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Instagram to show posts as per to users interests

Instagram to show posts as per to users interests
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Instagram users could soon notice something different in their feeds: Instead of showing users the most recent posts first, the mobile photo-sharing...

Instagram users could soon notice something different in their feeds: Instead of showing users the most recent posts first, the mobile photo-sharing app says it will give higher priority to posts that each user is likely to care about most.

If that sounds familiar, it's because that's how Facebook decides what to show users of its online social network. Facebook Inc., which owns Instagram, has long used a complex formula to emphasize items it hopes will be "relevant" to each user, based on factors like whether the post came from a close friend or how the user responded to similar posts.

Instagram had previously acted more like rival Twitter, showing every post in reverse-chronological order. But as its audience has grown to more than 400 million users, Instagram says it's become harder for users to keep up with the gusher of photos and videos posted by friends and other accounts they follow.

"This means you often don't see the posts you might care about the most," the service said. Instagram plans to introduce the new formula gradually, giving weight to the kind of factors Facebook considers in its news feed. The service says users will still be able to find all the posts they used to see, although they won't be in the same order.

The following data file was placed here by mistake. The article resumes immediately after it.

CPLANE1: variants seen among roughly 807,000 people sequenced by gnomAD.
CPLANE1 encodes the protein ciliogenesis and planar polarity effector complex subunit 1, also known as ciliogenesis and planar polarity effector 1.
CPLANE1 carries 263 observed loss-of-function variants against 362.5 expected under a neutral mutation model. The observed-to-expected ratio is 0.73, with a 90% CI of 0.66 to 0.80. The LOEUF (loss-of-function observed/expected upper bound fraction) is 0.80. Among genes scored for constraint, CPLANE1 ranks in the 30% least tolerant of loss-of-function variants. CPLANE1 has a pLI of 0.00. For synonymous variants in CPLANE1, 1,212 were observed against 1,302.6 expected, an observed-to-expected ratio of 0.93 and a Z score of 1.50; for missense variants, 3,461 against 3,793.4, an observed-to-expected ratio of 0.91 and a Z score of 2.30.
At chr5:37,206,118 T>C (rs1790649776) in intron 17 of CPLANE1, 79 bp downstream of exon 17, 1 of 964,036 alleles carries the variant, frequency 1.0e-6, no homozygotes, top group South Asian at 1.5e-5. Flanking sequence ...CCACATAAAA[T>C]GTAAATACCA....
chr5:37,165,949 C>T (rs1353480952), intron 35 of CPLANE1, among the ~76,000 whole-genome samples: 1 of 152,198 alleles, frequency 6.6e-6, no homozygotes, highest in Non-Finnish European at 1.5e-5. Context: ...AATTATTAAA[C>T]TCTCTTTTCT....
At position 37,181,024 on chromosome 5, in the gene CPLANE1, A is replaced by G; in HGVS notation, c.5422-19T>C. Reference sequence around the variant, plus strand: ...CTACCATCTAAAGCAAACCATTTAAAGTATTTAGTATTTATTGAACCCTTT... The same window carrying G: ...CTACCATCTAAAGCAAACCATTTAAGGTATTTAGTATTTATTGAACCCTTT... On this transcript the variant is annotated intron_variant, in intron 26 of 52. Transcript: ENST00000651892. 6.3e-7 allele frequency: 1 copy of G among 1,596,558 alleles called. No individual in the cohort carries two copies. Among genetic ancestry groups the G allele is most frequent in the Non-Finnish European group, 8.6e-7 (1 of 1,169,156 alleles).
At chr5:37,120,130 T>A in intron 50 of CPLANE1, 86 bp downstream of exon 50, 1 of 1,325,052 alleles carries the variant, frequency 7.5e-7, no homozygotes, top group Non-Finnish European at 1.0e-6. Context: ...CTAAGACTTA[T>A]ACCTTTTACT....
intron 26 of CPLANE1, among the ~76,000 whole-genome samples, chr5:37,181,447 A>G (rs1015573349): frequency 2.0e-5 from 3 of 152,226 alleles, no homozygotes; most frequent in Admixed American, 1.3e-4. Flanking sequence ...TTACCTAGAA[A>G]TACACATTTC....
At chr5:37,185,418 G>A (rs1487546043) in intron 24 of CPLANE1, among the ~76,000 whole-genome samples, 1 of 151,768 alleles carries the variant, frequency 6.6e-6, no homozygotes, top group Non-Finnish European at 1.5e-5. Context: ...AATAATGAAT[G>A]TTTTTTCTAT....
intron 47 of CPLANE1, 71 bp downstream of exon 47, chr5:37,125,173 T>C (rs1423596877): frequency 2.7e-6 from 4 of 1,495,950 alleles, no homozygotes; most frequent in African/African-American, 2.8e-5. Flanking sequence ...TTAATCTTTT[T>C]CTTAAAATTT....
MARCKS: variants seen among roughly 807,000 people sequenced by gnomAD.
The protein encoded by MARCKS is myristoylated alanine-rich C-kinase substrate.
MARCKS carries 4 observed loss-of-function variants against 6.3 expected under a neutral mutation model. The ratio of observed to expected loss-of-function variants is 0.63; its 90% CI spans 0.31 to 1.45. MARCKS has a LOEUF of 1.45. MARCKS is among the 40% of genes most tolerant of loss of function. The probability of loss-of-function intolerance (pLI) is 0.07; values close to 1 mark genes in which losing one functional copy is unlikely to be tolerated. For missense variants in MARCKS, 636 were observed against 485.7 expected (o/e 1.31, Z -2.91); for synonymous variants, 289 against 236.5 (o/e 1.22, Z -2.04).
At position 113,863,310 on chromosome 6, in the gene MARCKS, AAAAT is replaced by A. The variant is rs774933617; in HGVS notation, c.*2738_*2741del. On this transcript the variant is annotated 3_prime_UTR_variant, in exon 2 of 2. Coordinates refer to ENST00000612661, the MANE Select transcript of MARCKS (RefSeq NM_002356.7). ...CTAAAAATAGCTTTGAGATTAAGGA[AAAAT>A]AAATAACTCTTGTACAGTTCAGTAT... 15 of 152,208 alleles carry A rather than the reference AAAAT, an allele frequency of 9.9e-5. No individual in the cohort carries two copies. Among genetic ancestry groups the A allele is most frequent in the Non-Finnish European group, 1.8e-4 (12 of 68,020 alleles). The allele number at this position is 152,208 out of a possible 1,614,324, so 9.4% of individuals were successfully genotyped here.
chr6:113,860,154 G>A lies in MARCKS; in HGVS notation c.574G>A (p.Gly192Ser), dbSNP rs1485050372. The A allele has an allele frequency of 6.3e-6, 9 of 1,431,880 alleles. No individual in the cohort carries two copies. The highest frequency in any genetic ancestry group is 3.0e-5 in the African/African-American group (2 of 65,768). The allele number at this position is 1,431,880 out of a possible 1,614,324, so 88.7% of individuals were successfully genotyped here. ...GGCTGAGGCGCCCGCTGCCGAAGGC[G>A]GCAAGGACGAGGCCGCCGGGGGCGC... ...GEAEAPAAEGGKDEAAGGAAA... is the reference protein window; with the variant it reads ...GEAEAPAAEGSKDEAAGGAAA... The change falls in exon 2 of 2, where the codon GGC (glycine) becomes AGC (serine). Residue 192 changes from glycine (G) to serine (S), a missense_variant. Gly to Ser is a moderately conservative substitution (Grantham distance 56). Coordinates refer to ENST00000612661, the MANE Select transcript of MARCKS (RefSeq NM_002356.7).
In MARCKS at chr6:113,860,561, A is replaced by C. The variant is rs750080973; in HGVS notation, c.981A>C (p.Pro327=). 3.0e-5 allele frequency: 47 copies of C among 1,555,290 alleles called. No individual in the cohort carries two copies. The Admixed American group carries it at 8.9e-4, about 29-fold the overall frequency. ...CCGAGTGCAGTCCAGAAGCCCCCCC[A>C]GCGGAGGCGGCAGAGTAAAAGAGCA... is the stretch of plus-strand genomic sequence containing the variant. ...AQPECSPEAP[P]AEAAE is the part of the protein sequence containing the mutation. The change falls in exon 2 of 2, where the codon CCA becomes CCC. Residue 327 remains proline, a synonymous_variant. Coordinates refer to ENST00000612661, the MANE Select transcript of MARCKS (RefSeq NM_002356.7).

That gradual introduction seems intended to avert any potential backlash from users who don't like the new system. Facebook annoyed some early users when it changed from reverse-chronological ordering to its current formula several years ago. Twitter has also run into user complaints whenever it hints at changing its approach.

The change comes as Instagram is also showing more commercial messages. While the new formula doesn't affect advertising, Instagram needs to keep users engaged and interested if it wants to maintain its audience for paid postings.
The social media platform currently organises feeds from newest to oldest.

According to Instagram co-founder and chief executive Kevin Systrom, people miss an average of 70 per cent of the posts in their feeds, adding: "What this is about is making sure that the 30 per cent you see is the best 30 per cent possible."The company is using machine-learning technology, as well as other signals of interest, to determine how to sort content.

The people you interact with more often appear higher in the feed, the report said.For now, only an unspecified single-digit percentage of users will test the algorithm. The results of the initial tests will determine whether the changes are made permanently across the platform.

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